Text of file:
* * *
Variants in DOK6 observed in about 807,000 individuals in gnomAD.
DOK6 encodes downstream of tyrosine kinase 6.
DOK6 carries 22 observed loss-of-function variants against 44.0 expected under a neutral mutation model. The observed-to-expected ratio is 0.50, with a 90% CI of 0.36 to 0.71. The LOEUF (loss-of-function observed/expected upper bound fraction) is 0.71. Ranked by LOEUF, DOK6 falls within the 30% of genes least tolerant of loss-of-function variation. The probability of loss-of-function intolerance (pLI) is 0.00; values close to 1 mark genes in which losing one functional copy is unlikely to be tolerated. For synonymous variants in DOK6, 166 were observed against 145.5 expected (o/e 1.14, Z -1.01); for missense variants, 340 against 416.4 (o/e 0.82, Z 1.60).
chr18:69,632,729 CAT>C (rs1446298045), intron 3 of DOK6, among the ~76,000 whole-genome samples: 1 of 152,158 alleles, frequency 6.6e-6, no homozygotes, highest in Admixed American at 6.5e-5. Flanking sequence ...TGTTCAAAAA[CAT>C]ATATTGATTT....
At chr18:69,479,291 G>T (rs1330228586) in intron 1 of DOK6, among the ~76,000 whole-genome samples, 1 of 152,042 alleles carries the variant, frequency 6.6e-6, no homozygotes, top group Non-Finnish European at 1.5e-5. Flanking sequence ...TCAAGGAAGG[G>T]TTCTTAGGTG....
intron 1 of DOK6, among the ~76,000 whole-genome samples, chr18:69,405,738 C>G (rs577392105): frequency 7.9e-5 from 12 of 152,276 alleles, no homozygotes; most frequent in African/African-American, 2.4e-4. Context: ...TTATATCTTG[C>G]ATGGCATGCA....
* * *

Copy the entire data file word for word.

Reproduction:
Variants in DOK6 observed in about 807,000 individuals in gnomAD.
DOK6 encodes downstream of tyrosine kinase 6.
DOK6 carries 22 observed loss-of-function variants against 44.0 expected under a neutral mutation model. The observed-to-expected ratio is 0.50, with a 90% CI of 0.36 to 0.71. The LOEUF (loss-of-function observed/expected upper bound fraction) is 0.71. Ranked by LOEUF, DOK6 falls within the 30% of genes least tolerant of loss-of-function variation. The probability of loss-of-function intolerance (pLI) is 0.00; values close to 1 mark genes in which losing one functional copy is unlikely to be tolerated. For synonymous variants in DOK6, 166 were observed against 145.5 expected (o/e 1.14, Z -1.01); for missense variants, 340 against 416.4 (o/e 0.82, Z 1.60).
chr18:69,632,729 CAT>C (rs1446298045), intron 3 of DOK6, among the ~76,000 whole-genome samples: 1 of 152,158 alleles, frequency 6.6e-6, no homozygotes, highest in Admixed American at 6.5e-5. Flanking sequence ...TGTTCAAAAA[CAT>C]ATATTGATTT....
At chr18:69,479,291 G>T (rs1330228586) in intron 1 of DOK6, among the ~76,000 whole-genome samples, 1 of 152,042 alleles carries the variant, frequency 6.6e-6, no homozygotes, top group Non-Finnish European at 1.5e-5. Flanking sequence ...TCAAGGAAGG[G>T]TTCTTAGGTG....
intron 1 of DOK6, among the ~76,000 whole-genome samples, chr18:69,405,738 C>G (rs577392105): frequency 7.9e-5 from 12 of 152,276 alleles, no homozygotes; most frequent in African/African-American, 2.4e-4. Context: ...TTATATCTTG[C>G]ATGGCATGCA....